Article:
Though there is no definitive link between using CPAP and GERD, it is worth mentioning that sustained episodes of GERD can cause permanent damage to LES. Treatment of GERD using medications can help in healing the LES which can result in LES functioning better, leading to reduced instances of abdominal bloating.

People can also have something called “Silent GERD” of “Silent Reflux” which does not cause any known symptoms of reflux. Backflow of pepsin (digestive enzymes and stomach acid) can result in severe damage to esophagus as well as other organs. Since it is widely misunderstood and misdiagnosed, silent GERD has assumed epidemic proportions.
Both GERD and silent GERD essentially damages the LES and treatment for the same can help in LES performing better.

CPAP and Gastric Insufflation

Sleep technicians and sleep apnea patients try various tricks in the trade to ensure that patients have very minimum discomfort during the use of CPAP. The most common thing in this regard is lowering the threshold level of the CPAP machine. If pressure settings are maintained below the threshold limits, the chances of patients not having gastric insufflation is high.

The threshold limit is however linked to each individual and what is suitable for one patient might not be effective for another. For example, if a person keeps his fixed CPAP machine setting at 10, he might end up becoming heavily inflated and have severe pain in the abdominal area. This might not be case with another user, who would feel 10 is very low and might raise the setting.

If a person using fixed CPAP feels like he is bloated and starts feeling severe pain or any other discomfort in the stomach area since using the CPAP, he should immediately bring it to the notice of his MD as well as his sleep doctor. If the person is using CPAP, the sleep doctor can consider switching him to APAP. APAP helps in automatically adjusting the pressure required for keeping the upper airways open depending upon the constant changes during the nighttime ( temperature drop, turning to sides while sleeping etc.)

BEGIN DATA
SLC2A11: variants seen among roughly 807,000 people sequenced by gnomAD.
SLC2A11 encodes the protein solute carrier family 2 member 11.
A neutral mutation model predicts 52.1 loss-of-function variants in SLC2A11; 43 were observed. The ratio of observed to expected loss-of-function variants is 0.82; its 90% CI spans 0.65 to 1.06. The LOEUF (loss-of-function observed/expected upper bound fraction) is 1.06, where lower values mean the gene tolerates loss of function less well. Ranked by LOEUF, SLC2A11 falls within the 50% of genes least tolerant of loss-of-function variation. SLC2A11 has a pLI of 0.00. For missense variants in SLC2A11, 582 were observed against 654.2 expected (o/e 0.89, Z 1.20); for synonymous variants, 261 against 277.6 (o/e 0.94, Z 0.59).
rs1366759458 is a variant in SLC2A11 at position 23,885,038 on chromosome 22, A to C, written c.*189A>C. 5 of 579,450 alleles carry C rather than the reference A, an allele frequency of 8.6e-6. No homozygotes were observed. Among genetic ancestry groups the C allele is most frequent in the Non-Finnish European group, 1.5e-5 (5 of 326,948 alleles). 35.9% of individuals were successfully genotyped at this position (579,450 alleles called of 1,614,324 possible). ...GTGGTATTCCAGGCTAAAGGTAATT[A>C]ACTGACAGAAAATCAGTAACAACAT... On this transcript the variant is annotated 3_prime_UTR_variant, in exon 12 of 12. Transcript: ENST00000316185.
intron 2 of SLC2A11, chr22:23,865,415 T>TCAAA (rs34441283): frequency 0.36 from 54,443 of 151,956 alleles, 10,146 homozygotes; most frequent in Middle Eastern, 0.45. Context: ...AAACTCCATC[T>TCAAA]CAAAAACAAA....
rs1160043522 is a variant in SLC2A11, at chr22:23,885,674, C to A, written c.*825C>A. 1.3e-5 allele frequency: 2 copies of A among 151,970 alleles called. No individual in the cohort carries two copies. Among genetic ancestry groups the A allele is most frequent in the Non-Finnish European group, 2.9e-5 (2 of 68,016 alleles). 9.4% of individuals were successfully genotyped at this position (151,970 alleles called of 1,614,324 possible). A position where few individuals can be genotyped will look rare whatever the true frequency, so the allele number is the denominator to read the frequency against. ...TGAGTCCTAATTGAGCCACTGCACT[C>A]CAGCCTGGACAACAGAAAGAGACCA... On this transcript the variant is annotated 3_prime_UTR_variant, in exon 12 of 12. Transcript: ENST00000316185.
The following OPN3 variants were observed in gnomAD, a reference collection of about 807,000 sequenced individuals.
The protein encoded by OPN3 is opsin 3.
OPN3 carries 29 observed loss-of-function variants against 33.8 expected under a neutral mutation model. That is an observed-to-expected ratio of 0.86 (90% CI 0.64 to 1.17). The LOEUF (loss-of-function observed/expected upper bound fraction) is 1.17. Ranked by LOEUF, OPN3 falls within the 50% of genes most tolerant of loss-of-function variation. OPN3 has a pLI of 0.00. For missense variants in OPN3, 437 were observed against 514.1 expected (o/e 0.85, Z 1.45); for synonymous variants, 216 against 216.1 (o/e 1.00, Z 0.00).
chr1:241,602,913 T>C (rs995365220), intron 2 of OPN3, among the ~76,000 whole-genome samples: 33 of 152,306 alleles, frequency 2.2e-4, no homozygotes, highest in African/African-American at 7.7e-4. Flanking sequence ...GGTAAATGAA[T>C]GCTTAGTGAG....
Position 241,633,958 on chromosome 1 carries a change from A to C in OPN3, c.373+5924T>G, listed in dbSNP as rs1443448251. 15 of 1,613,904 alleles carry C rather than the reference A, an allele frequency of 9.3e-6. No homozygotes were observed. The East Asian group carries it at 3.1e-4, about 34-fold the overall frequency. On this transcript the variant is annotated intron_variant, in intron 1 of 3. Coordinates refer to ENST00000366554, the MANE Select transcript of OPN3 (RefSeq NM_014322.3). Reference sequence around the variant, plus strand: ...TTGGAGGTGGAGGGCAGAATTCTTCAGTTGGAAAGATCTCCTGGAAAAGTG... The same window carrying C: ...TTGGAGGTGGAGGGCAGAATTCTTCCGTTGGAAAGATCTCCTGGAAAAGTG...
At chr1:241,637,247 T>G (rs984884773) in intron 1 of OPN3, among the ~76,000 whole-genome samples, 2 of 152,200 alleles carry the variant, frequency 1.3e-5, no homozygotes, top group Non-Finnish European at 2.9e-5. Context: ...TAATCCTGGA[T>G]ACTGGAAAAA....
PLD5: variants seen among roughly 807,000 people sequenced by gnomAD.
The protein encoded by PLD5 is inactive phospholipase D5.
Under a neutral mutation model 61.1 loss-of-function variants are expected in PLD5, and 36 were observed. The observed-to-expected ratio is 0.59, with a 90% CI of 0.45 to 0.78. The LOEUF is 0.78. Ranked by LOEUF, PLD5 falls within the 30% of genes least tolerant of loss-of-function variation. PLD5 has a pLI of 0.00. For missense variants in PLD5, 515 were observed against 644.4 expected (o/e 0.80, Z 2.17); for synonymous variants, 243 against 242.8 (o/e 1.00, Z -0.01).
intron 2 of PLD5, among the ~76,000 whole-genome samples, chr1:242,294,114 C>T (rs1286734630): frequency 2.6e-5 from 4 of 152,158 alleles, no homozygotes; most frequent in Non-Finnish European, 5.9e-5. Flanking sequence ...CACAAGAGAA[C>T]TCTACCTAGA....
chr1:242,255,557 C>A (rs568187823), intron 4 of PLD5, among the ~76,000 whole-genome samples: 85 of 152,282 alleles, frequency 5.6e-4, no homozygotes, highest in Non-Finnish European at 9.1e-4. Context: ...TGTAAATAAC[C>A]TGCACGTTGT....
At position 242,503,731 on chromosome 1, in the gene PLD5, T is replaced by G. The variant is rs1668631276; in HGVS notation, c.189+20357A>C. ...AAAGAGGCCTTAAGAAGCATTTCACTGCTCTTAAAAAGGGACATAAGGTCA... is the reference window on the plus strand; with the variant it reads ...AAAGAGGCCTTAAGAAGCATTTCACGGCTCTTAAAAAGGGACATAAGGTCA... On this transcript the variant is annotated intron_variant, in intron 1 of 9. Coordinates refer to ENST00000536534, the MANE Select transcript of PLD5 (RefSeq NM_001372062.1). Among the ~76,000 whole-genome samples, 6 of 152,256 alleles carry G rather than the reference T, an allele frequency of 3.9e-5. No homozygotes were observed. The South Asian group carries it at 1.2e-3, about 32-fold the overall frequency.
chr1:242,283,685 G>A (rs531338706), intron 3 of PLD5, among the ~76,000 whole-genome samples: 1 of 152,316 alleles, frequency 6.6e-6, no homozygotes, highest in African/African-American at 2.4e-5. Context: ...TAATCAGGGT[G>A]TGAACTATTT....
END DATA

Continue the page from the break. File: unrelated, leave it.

Will APAP Work For Me?

APAP has a broad pressure range (typically in the 4-20 range) and therefore requires correct pressure settings (high and low limits) to be set in the machine. When the limits are not set properly, the effectiveness of the treatment would be impacted. A generally agreed range among APAP users is 6-8, though some might prefer 10 or even 4.

Several studies have shown that there is not much difference between APAP and CPAP systems and what ultimately tilts the user towards a particular system is the cost and the preference of the machine.

Though a broad pressure range needs correct pressure setting, what the broad range does is it allows the user to test settings to determine the level at which the user can set LES threshold. Keeping the pressure below the threshold has been revealed in studies to control gastric insufflation, provided the LES is working as well as it should.

If the user finds the initial setting is working fine for him, then he can maintain that setting and not tinker with it. However, if the pressure setting is not effective enough, then a re-look at the pressure numbers would be necessary. If the user has the software and the SD card then pressure numbers (over a sustained period of time) and time for the following should be looked at: